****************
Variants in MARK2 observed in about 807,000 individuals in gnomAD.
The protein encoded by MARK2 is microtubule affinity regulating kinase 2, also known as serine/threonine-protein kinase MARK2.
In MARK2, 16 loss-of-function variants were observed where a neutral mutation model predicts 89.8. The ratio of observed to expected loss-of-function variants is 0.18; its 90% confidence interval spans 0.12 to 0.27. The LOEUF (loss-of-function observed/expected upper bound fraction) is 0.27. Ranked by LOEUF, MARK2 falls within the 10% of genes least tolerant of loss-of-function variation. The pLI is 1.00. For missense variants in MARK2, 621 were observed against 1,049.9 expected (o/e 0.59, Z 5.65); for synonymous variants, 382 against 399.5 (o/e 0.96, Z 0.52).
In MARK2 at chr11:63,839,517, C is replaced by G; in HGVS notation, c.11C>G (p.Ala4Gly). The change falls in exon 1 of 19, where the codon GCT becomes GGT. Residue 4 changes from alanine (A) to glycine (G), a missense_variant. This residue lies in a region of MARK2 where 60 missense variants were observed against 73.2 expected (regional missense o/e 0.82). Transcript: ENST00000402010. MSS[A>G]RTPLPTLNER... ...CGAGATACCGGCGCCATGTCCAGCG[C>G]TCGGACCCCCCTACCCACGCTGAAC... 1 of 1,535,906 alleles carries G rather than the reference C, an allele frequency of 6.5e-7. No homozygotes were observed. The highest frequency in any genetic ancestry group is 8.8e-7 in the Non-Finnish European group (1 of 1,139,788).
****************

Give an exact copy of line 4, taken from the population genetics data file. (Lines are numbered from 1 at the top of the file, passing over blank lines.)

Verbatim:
In MARK2 at chr11:63,839,517, C is replaced by G; in HGVS notation, c.11C>G (p.Ala4Gly). The change falls in exon 1 of 19, where the codon GCT becomes GGT. Residue 4 changes from alanine (A) to glycine (G), a missense_variant. This residue lies in a region of MARK2 where 60 missense variants were observed against 73.2 expected (regional missense o/e 0.82). Transcript: ENST00000402010. MSS[A>G]RTPLPTLNER... ...CGAGATACCGGCGCCATGTCCAGCG[C>G]TCGGACCCCCCTACCCACGCTGAAC... 1 of 1,535,906 alleles carries G rather than the reference C, an allele frequency of 6.5e-7. No homozygotes were observed. The highest frequency in any genetic ancestry group is 8.8e-7 in the Non-Finnish European group (1 of 1,139,788).